BOSTON, June 20, 2023 /PRNewswire/ — Electric traction motors may have originally been developed in the 1800s, but the market continues to evolve today, with the growing electric vehicle (EV) market providing new technologies, opportunities, and demand. IDTechEx has been writing research reports about electric traction motors in electric vehicles since 2012, but each year there are new developments that continue to surprise and impress.
In recent years there has been an increased focus on the materials used for electric motors as well as the underlying topology. Some are looking to improve features such as power and torque density with acquisitions related to axial flux motors, while others are looking to become more cost-effective and sustainable by reducing or eliminating rare earths. In an ideal world, both of the above could be achieved simultaneously, but in reality, there is often a trade-off to be made. IDTechEx’s latest iteration of “Electric Motors for Electric Vehicles 2024-2034” takes a deep dive into motor technology, market adoption, material utilization, and market forecasts.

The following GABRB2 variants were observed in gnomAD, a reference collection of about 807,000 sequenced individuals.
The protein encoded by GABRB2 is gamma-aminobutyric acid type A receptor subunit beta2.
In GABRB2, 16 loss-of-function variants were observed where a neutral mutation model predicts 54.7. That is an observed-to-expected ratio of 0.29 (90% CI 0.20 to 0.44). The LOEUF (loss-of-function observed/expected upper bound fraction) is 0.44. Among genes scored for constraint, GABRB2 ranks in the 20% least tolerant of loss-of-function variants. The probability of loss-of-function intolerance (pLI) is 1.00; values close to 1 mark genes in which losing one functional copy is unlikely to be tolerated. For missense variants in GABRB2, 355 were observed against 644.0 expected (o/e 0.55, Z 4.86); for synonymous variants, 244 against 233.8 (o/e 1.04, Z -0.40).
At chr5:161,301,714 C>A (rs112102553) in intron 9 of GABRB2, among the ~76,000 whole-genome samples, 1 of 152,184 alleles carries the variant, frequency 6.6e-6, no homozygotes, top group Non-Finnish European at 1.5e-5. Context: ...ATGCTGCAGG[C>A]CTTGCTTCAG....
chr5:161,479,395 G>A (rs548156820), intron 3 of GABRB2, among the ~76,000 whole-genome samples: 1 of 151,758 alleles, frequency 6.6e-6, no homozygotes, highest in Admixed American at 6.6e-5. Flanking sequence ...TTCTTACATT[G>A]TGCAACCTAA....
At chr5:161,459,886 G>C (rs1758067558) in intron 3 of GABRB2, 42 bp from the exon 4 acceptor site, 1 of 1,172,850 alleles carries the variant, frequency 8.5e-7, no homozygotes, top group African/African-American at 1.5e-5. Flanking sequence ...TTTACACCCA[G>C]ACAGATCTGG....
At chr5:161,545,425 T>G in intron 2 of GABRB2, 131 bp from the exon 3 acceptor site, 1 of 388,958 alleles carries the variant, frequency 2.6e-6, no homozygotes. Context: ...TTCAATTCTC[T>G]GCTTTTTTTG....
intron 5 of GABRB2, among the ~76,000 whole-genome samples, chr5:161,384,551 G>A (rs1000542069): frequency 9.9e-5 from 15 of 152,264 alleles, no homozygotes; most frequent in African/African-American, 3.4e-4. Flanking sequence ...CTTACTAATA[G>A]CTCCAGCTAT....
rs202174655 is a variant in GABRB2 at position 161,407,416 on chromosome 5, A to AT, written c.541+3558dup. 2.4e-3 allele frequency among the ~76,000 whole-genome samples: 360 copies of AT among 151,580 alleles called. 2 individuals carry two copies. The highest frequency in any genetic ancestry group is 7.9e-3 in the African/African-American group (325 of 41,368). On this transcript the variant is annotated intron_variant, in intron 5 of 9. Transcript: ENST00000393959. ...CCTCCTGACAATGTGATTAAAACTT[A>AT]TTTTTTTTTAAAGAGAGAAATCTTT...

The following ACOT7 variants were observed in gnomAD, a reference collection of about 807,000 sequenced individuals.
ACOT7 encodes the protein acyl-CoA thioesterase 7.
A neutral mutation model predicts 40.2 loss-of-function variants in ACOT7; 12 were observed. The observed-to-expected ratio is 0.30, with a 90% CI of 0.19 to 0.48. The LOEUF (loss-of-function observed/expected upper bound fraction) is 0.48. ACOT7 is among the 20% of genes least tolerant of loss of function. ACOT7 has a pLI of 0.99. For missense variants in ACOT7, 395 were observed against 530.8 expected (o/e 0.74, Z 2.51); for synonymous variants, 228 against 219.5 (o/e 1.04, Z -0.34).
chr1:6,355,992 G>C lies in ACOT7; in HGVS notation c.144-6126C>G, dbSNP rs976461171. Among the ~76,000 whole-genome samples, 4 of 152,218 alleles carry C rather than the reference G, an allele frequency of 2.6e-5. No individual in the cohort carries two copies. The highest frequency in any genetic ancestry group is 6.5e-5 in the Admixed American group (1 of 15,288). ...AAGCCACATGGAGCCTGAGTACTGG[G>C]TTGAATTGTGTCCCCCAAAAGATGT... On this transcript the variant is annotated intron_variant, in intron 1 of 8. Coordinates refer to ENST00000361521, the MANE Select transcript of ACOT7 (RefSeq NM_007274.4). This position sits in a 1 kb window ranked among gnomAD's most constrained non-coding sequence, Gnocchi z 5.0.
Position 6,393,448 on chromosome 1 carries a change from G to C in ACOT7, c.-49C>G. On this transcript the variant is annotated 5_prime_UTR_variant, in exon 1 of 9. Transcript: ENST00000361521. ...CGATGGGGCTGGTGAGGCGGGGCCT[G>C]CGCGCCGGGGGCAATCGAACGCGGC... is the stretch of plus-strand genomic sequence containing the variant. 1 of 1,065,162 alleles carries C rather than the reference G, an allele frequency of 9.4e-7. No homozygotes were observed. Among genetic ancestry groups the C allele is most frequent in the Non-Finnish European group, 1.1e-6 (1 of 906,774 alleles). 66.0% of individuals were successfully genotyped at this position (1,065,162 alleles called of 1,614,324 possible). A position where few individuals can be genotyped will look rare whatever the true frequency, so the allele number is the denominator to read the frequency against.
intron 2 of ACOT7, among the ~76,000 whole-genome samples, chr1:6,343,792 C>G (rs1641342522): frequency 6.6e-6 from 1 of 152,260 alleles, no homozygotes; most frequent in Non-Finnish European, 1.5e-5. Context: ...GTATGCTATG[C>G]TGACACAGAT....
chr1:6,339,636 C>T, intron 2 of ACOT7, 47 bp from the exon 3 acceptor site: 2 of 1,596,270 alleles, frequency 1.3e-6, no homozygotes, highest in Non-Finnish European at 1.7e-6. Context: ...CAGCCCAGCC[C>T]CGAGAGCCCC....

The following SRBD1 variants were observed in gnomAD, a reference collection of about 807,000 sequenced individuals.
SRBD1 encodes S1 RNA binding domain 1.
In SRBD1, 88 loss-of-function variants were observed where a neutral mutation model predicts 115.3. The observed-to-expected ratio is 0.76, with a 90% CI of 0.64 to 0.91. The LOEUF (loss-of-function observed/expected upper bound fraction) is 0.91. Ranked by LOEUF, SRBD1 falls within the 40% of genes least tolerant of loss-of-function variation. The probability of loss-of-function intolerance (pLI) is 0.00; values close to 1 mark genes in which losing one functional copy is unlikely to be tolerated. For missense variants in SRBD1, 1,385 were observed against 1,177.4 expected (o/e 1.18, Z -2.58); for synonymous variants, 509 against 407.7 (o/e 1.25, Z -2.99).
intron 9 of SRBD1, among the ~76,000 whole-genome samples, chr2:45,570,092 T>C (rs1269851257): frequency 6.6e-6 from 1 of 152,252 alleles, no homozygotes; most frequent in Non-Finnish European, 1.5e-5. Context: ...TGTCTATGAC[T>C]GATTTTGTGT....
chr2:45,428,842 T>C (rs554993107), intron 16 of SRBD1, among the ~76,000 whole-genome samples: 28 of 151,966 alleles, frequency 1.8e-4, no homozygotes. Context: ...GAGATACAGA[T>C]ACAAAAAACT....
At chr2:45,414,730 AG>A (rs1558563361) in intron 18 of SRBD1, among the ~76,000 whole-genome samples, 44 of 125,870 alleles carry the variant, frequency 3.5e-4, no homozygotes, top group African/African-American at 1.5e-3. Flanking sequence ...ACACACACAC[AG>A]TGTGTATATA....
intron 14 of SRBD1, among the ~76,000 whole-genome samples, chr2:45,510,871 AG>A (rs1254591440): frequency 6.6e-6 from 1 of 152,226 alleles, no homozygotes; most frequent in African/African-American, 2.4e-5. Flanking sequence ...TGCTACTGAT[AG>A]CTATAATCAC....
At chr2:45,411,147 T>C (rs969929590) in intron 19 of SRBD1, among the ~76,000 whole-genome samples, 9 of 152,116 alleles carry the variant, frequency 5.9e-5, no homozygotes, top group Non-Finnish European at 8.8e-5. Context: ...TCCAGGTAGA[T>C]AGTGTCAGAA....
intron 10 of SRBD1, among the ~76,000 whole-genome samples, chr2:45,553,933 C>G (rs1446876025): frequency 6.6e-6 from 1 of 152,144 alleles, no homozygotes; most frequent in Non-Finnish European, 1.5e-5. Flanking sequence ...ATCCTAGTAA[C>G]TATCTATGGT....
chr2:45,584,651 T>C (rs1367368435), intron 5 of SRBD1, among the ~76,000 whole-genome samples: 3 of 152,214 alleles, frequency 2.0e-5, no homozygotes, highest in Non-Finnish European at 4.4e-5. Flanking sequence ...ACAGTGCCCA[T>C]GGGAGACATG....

Materials and Rare-earths
A key consideration for the EV motor market is that of magnetic materials. From 2015-2022 the share of permanent magnet (PM) motors in the electric car market remained consistently above 75%. Rare-earth magnets continue to be a concern in 2023 due to their supply chain being constrained to China and the prices starting to rise drastically again in 2021 (like they did in 2011/2012). To avoid these concerns, several European OEMs have opted for magnet free designs, including Renault and BMWs adoption of wound rotor motors and Audi’s use of induction motors. In 2023, Tesla announced its next-generation motor would be a PM machine without rare earths, further bringing the focus to alternative magnetic materials such as ferrite magnets and the challenges they pose to mass adoption.
For example, many OEMs have steadily reduced rare earth content in their PM…